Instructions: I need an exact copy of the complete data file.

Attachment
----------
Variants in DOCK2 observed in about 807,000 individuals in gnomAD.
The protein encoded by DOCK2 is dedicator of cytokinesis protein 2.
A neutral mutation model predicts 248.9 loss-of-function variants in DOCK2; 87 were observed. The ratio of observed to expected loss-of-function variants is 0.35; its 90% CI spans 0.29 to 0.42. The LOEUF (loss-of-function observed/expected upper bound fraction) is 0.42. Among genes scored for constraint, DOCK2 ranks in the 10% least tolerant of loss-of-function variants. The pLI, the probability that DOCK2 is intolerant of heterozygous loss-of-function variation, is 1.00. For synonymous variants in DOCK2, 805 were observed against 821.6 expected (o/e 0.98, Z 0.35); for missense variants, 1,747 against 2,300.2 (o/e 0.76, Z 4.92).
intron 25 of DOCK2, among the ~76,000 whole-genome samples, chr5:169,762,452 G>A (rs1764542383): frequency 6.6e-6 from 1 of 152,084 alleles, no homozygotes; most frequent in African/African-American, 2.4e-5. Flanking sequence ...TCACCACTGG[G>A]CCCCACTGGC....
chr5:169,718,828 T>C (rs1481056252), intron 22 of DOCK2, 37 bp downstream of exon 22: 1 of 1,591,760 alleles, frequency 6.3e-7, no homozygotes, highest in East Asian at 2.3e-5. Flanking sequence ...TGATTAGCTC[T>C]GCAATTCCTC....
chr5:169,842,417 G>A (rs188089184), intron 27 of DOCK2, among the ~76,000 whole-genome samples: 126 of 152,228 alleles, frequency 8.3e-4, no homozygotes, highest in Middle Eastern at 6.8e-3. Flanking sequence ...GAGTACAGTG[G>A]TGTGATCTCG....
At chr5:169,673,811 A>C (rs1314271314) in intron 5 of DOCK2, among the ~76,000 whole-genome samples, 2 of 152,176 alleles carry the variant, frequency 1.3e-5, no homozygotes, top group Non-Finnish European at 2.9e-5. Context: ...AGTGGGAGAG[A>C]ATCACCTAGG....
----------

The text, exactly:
Variants in DOCK2 observed in about 807,000 individuals in gnomAD.
The protein encoded by DOCK2 is dedicator of cytokinesis protein 2.
A neutral mutation model predicts 248.9 loss-of-function variants in DOCK2; 87 were observed. The ratio of observed to expected loss-of-function variants is 0.35; its 90% CI spans 0.29 to 0.42. The LOEUF (loss-of-function observed/expected upper bound fraction) is 0.42. Among genes scored for constraint, DOCK2 ranks in the 10% least tolerant of loss-of-function variants. The pLI, the probability that DOCK2 is intolerant of heterozygous loss-of-function variation, is 1.00. For synonymous variants in DOCK2, 805 were observed against 821.6 expected (o/e 0.98, Z 0.35); for missense variants, 1,747 against 2,300.2 (o/e 0.76, Z 4.92).
intron 25 of DOCK2, among the ~76,000 whole-genome samples, chr5:169,762,452 G>A (rs1764542383): frequency 6.6e-6 from 1 of 152,084 alleles, no homozygotes; most frequent in African/African-American, 2.4e-5. Flanking sequence ...TCACCACTGG[G>A]CCCCACTGGC....
chr5:169,718,828 T>C (rs1481056252), intron 22 of DOCK2, 37 bp downstream of exon 22: 1 of 1,591,760 alleles, frequency 6.3e-7, no homozygotes, highest in East Asian at 2.3e-5. Flanking sequence ...TGATTAGCTC[T>C]GCAATTCCTC....
chr5:169,842,417 G>A (rs188089184), intron 27 of DOCK2, among the ~76,000 whole-genome samples: 126 of 152,228 alleles, frequency 8.3e-4, no homozygotes, highest in Middle Eastern at 6.8e-3. Flanking sequence ...GAGTACAGTG[G>A]TGTGATCTCG....
At chr5:169,673,811 A>C (rs1314271314) in intron 5 of DOCK2, among the ~76,000 whole-genome samples, 2 of 152,176 alleles carry the variant, frequency 1.3e-5, no homozygotes, top group Non-Finnish European at 2.9e-5. Context: ...AGTGGGAGAG[A>C]ATCACCTAGG....